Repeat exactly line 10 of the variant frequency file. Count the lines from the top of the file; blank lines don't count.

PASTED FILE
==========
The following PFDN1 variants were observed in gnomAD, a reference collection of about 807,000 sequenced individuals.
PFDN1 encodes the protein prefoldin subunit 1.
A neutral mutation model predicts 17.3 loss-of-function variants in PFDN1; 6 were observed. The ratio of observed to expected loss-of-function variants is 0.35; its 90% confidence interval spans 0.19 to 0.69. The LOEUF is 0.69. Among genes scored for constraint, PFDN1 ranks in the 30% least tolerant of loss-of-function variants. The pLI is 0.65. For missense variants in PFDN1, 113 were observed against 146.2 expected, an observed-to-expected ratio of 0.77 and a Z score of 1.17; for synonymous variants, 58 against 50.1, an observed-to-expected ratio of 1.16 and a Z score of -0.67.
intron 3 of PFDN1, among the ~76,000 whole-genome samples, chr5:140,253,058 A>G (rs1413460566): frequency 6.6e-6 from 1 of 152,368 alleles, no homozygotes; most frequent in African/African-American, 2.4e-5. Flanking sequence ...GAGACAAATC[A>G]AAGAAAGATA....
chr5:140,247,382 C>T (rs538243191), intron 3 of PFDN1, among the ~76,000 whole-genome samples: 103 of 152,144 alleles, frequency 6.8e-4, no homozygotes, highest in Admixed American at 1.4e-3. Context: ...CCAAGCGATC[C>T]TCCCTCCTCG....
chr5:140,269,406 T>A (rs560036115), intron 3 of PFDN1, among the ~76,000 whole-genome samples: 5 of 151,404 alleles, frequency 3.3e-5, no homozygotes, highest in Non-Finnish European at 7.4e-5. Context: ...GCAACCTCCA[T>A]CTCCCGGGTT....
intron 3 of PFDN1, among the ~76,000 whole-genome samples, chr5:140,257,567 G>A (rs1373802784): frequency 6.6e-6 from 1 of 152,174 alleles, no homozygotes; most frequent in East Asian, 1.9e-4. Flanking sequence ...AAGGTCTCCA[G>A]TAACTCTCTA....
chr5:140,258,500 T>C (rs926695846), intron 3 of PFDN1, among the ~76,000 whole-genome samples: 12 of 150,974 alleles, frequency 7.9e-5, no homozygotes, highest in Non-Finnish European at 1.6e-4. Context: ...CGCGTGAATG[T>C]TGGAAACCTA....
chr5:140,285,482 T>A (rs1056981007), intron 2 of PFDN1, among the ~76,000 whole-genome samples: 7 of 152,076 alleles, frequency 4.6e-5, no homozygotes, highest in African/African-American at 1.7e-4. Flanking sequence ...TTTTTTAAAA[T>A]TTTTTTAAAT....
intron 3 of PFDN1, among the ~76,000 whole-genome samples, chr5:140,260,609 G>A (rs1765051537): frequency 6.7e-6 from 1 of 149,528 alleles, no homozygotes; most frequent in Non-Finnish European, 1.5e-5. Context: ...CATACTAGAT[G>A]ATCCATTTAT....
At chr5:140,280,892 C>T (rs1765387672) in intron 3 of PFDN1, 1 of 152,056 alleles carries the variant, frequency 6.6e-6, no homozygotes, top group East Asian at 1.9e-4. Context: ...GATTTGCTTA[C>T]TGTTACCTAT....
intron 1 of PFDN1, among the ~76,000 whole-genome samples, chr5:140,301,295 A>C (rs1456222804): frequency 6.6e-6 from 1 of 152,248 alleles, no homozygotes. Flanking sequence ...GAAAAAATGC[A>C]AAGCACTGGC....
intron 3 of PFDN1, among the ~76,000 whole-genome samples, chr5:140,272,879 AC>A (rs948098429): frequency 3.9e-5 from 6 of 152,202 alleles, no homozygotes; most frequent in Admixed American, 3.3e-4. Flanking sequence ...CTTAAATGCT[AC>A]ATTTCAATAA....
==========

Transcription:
intron 3 of PFDN1, among the ~76,000 whole-genome samples, chr5:140,260,609 G>A (rs1765051537): frequency 6.7e-6 from 1 of 149,528 alleles, no homozygotes; most frequent in Non-Finnish European, 1.5e-5. Context: ...CATACTAGAT[G>A]ATCCATTTAT....